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Self Acceptance and The Comparison Trap

Posted Jul 08 2011 9:22am
After a few independent occasions recently where I have found myself being criticized by others or talking to friends about how they compare themselves to other women, I finally decided to write a post about something a lot of bloggers have talked about extensively already: the comparison trap.

I joined the healthy living blog community in March as part of an effort to help (and also learn from) other women struggling to balance their hectic lives with their desire to live a healthy lifestyle.  After 25 years, I have learned a lot about what "being healthy" actually means...and it extends far beyond eating well and being active. Without a strong support system and self-confidence, it is virtually impossible to lead a healthy life.  Being strong and healthy comes from the inside first, which is something that seems to get lost in the shuffle while we are attempting to achieve the "perfect" body.


As women, we all struggle with comparing ourselves to others, and I have found myself guilty of this from time to time, although much less now that I am in my mid 20's.  We see beautiful models and actresses that grace the covers of our favorite magazines, and we want to be like them.  We read style blogs with women who have amazing senses of fashion, health blogs with women who are amazing chefs, and fitness blogs with women who run faster than the wind (I'm talking to you, Janae !).  We compare ourselves to these people and the people around us, such as our friends, our family, our neighbors, and our co-workers, wishing that we, too, could have that person's fit body, or perfect relationship, or level of fitness, or fabulous closet of clothes.

     I thought I ran fast today, but this blogger ran faster/farther/longer than I did!  I must be a failure.


     My friend has the perfect relationship, but I can't seem to find a guy.


     My co-worker has the BEST clothes.  I wish I could raid her closet for a day.


The problem with these thoughts is that they are not only unhealthy, but unimportant in the grand scheme of life.  But before I go into why this is unhealthy, I want to give you a glimpse of my history with the comparison trap
In college, I worked out in the gym, ran the 3- and 5-mile loops, and ate relatively healthy meals.  However, although I did not suffer from severe body image issues that seem to have plagued, or still plague, a lot of other bloggers, I definitely found myself falling deeply down into the comparison trap from time to time in the past.  I compared myself to other female peers and role models, and I struggled to figure out how I could achieve the perfect body, perfect relationship, basically the perfect life.  It sounds completely exhausting, and it is even tiring to type right now, because it was physically and mentally exhausting trying to be everything I was not!  I totally forgot about all the wonderful things about me, and I got lost in trying to be "perfect" in the eyes of others.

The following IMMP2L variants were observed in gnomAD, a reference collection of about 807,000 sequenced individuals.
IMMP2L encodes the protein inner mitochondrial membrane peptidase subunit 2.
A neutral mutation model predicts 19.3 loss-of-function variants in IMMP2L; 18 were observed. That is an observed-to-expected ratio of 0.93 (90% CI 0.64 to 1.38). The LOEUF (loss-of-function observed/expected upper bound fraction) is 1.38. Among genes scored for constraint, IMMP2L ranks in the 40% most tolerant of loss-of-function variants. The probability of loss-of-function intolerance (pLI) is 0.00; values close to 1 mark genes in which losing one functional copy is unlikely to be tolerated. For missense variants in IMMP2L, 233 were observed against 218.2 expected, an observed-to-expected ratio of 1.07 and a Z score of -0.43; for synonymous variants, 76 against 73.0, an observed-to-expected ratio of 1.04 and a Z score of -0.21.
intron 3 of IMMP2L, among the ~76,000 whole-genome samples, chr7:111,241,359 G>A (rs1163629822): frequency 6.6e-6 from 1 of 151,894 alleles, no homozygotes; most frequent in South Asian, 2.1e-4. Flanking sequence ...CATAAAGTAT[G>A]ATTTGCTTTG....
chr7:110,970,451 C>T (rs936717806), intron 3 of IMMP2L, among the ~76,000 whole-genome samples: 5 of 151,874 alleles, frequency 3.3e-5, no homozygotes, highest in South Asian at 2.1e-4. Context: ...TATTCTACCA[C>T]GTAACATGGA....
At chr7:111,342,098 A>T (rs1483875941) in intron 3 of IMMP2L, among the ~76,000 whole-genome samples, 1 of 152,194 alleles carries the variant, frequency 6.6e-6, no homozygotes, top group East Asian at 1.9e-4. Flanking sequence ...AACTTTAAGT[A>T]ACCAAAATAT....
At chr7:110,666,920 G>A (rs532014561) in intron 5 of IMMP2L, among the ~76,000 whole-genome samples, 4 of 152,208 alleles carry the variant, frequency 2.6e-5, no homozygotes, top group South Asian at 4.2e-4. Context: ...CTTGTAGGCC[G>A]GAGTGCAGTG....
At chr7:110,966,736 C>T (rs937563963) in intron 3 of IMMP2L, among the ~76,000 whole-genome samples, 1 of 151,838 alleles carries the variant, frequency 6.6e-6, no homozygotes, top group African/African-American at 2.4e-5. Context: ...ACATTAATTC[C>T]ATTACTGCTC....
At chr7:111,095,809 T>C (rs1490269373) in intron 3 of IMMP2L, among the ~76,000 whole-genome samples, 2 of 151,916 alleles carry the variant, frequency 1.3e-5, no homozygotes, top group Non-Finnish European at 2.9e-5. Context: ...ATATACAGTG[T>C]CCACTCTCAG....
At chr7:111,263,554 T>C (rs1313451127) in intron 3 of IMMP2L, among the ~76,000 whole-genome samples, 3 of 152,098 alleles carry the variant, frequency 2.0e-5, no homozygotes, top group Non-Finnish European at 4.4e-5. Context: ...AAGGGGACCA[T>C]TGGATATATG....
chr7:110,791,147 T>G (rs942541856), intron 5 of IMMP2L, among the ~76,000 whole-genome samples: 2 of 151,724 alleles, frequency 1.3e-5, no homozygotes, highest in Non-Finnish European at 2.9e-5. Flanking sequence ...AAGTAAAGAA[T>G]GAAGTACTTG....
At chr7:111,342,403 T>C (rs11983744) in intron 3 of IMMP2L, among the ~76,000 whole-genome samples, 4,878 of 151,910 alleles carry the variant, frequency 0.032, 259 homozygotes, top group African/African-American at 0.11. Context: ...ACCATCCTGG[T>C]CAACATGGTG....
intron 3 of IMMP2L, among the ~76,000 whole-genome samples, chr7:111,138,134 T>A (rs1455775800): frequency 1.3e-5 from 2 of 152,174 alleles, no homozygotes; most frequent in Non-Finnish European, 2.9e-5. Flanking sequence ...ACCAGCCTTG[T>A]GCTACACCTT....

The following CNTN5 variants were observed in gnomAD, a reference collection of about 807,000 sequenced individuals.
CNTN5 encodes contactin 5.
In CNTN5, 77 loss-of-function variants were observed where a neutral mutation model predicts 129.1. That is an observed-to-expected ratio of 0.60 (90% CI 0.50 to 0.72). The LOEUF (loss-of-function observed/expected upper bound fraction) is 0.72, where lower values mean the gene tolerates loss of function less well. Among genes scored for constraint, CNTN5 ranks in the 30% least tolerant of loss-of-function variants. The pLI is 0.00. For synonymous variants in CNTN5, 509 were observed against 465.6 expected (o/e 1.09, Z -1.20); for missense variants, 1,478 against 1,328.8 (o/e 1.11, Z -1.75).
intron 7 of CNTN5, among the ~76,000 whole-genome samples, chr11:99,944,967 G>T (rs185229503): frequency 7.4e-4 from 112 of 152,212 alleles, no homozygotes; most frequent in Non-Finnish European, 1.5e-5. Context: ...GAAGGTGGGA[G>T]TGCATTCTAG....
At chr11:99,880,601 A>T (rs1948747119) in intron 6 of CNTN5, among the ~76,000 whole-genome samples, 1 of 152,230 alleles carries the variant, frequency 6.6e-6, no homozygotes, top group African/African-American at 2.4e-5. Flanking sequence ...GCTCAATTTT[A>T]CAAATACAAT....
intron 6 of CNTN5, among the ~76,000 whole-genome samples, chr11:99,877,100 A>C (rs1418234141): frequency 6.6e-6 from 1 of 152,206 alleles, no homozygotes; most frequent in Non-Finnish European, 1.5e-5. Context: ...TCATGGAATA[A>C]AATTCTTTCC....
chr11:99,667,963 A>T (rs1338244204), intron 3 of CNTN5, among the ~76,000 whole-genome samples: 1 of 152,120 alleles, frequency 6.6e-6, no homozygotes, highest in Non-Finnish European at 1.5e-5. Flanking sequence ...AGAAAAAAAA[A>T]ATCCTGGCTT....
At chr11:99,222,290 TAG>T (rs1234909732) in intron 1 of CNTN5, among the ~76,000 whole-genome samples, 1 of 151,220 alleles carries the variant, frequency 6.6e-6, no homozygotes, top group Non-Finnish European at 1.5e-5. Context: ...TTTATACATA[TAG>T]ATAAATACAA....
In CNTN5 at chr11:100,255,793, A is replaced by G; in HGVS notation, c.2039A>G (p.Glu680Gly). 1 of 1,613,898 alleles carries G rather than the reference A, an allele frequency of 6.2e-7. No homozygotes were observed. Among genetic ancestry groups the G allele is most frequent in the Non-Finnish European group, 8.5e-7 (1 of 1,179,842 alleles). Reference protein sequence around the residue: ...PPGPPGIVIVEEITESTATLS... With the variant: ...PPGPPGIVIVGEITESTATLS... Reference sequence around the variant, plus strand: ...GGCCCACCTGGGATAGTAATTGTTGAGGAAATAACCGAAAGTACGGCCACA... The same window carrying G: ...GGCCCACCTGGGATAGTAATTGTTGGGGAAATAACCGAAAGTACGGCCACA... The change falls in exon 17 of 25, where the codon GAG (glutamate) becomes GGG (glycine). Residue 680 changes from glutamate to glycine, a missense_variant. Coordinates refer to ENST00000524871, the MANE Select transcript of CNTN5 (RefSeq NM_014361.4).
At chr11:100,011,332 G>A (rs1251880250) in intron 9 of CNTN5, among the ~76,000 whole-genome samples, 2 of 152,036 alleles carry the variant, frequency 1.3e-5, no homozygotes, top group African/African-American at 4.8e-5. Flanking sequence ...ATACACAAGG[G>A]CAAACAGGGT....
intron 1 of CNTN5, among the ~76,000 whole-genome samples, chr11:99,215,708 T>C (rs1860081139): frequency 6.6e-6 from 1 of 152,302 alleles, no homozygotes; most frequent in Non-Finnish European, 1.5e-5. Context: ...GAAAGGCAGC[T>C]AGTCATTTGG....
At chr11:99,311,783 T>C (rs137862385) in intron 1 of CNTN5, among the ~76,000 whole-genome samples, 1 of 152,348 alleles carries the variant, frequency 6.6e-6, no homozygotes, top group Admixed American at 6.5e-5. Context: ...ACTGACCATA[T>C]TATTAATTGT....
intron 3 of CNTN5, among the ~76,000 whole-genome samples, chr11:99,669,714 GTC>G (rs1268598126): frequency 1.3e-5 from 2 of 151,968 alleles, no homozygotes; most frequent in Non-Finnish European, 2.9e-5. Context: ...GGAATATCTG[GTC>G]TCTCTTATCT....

Last weekend, after talking to John about a girl we just met who kept saying negative things to me, he gave me some brilliant advice.  He said, "I have learned a lot about myself, and I've embraced everything about me - both good and bad - and I have learned to take negative comments, such as those you have recently experienced, in stride.  In situations like that one, I try to set the record straight by telling them that I am fully aware of who I am, the good and the bad, and then I just let the comments roll off my shoulder.  I am a good person, and that is all that matters to me."  The more I thought about what John said, the more I realized how it relates to how we compare ourselves to others.  As women, we should embrace ourselves for who we are and realize that we are not perfect, but that we all have our flaws.  We can try to improve ourselves to fix these flaws - working harder to run faster or working out to lose weight, as a few examples - but we just need to accept things that we cannot change.



The truth of the matter is that comparing ourselves to others is only going to create internal pain.  The best part about you and me is that we are different, and that should be embraced!  Quit trying to get the approval of others, and work on loving yourself unconditionally...that is the key to a life of happiness.



In the past few years, I have learned to embrace both my strengths and my weaknesses, and I have learned to love who I am for the good person I am inside and not for what I look like on the outside.   It really is true that "the best accessory a girl can own is confidence" and this confidence shines through brightly on the outside.  So, instead of beating yourself up for the things you aren't, praise yourself for who you are!  Now is the time to quit looking for acceptance in other peoples' eyes, and look for it within yourself instead.  Figure out exactly who you are as a person and how you will use your talents to do good things.  The world will thank you for it!




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